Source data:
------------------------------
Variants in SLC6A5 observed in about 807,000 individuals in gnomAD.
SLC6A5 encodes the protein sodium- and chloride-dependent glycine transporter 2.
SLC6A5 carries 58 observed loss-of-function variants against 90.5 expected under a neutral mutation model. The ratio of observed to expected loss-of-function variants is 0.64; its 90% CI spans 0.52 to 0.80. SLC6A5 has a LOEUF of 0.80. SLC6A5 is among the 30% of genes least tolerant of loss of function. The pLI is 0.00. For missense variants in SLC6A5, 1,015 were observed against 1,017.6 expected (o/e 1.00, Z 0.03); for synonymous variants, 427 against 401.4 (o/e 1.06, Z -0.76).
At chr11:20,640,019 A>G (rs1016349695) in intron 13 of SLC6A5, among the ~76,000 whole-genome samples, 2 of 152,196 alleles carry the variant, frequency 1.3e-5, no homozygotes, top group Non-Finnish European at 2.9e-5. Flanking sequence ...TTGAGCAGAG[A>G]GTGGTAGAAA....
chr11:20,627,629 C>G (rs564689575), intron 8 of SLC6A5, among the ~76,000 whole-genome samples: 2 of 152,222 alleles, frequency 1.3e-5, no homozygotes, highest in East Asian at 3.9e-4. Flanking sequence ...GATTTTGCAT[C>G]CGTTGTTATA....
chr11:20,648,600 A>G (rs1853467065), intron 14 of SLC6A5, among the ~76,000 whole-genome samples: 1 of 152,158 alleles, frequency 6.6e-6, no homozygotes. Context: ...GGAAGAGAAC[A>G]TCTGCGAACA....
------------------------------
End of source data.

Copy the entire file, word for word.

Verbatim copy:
Variants in SLC6A5 observed in about 807,000 individuals in gnomAD.
SLC6A5 encodes the protein sodium- and chloride-dependent glycine transporter 2.
SLC6A5 carries 58 observed loss-of-function variants against 90.5 expected under a neutral mutation model. The ratio of observed to expected loss-of-function variants is 0.64; its 90% CI spans 0.52 to 0.80. SLC6A5 has a LOEUF of 0.80. SLC6A5 is among the 30% of genes least tolerant of loss of function. The pLI is 0.00. For missense variants in SLC6A5, 1,015 were observed against 1,017.6 expected (o/e 1.00, Z 0.03); for synonymous variants, 427 against 401.4 (o/e 1.06, Z -0.76).
At chr11:20,640,019 A>G (rs1016349695) in intron 13 of SLC6A5, among the ~76,000 whole-genome samples, 2 of 152,196 alleles carry the variant, frequency 1.3e-5, no homozygotes, top group Non-Finnish European at 2.9e-5. Flanking sequence ...TTGAGCAGAG[A>G]GTGGTAGAAA....
chr11:20,627,629 C>G (rs564689575), intron 8 of SLC6A5, among the ~76,000 whole-genome samples: 2 of 152,222 alleles, frequency 1.3e-5, no homozygotes, highest in East Asian at 3.9e-4. Flanking sequence ...GATTTTGCAT[C>G]CGTTGTTATA....
chr11:20,648,600 A>G (rs1853467065), intron 14 of SLC6A5, among the ~76,000 whole-genome samples: 1 of 152,158 alleles, frequency 6.6e-6, no homozygotes. Context: ...GGAAGAGAAC[A>G]TCTGCGAACA....